Hot Issues in Hypertension

The ESH web Editor meets the world experts in hypertension: An Interview with Josep Redon

Josep Redon is Scientific Director of INCLIVA Research Institute, Hospital Clinico Universitario Valencia, University of ValenciaHe is past-President of the European Society of Hypertension and has published over 300 articles in internationally recognized journals and is the author of more than ten books. He is a member of the editorial board of several international journals in the field of hypertension, such as Hypertension, Journal of Hypertension, Blood Pressure Monitoring.

The initial evaluation of Target Organ Damage for risk stratification and management of patients with hypertension is well established and assimilated in clinical practice. Is there additional benefit from the evaluation of TOD during antihypertensive treatment?

The presence of TOD upgrades the risk category for a given BP value and other CV risk factors. There is a consensus that if TOD is present in different organs they seem to have additive prognostic value, implying increased cardiovascular risk. Subjects with low or moderate risk are those whose risk may be potentially upgraded the most after assessing TOD, and a panel of TOD was included in the 2007 guidelines. Recently, the convenience of repeating TOD assessment during the follow-up of the patients has been encouraged. The changes in electrocardiographic or echocardiographic LVH, induced by treatment, reflect the effects on cardiovascular events. Likewise, some recent solid evidence suggests that this is also the case for treatment-induced changes in urinary protein excretion.

Despite the great bulk of information available demonstrating an association between regression of TOD during antihypertensive treatment and decreased mortality, and cardiovascular and renal morbidity, some key questions for the clinical use of TOD remain unmet. Among them are: the marker or markers to be used; the most appropriate timing to repeat it; and whether or not changes in one organ can be assumed to occur in the other organs. Finally, a question to consider is if some of these TOD should be targeted during the antihypertensive treatment beyond the BP reduction. In the meantime, while awaiting solid information to support recommendations, it is interesting to speculate on selection and timing of the TOD measurements to be used for follow-up during antihypertensive treatment. The most important factors are availability, cost, sensitivity to detect changes, time necessary for observing the changes and finally the evidence for prognostic value of the changes.

As an expert in the field, could you provide guidance for the degree of RAS blockade in patients with microalbuminuria?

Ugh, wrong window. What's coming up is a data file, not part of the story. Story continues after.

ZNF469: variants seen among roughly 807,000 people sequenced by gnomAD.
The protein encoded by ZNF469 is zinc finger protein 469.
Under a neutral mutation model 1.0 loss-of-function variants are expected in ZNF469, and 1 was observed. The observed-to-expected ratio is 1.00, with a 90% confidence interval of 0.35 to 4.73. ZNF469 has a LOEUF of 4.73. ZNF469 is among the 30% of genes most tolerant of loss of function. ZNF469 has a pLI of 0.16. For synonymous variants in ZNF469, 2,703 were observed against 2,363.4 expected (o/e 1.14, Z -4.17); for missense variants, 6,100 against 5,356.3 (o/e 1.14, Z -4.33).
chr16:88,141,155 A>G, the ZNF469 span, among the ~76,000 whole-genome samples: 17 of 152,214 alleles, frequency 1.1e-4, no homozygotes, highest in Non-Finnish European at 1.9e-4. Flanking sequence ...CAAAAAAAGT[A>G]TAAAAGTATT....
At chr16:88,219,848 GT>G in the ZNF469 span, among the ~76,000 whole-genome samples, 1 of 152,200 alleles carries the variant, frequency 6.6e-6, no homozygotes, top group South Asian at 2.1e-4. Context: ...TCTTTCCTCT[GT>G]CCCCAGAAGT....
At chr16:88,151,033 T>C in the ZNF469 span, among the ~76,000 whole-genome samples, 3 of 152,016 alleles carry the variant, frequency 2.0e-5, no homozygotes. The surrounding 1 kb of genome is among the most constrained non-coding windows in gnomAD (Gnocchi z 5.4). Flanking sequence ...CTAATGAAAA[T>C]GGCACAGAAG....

All guidelines recommend drugs blocking the renin angiotensin system (RAS) for use in patients with an increment in urinary albumin excretion since the reduction in the excretion is greater than that obtained with other drug classes at the same level of blood pressure reduction. Likewise, it has been claimed that renal protection is also better obtained with the RAS blockade. Despite the above outlined being generally accepted, grounded information is lacking. There is no doubt that reduction of urinary albumin excretion is better with RAS but it is in part due to the reduction in glomerular filtration rate and consequently the amount of filtered albumin. Whether or not this is translated to long-term renal function protection is not well established.

The practical question is, if urinary albumin excretion should be targeted during the antihypertensive treatment. To do this, the use of only one RAS blocking drug with 24-hour antihypertensive activity is recommended, increasing the dose step by step. In the albuminuria range, it is not recommended to combine two RAS drugs.

Should evening drug dosing be used to control nocturnal hypertension?

The information available about the prognostic value of nocturnal blood pressure in developing cardiovascular and/or renal disease brings the concept of targeting nocturnal BP to reduce risk. Consequently, giving treatment in the evening is recommended in order to achieve enough blood pressure reduction at night. The question here is, if shifting treatment at night improves blood pressure control or not, when we use drugs with 24-hour activity. When results of different groups are confronted, results are controversial, with some authors reporting large benefits in terms of systolic and diastolic blood pressure reduction, while others do not.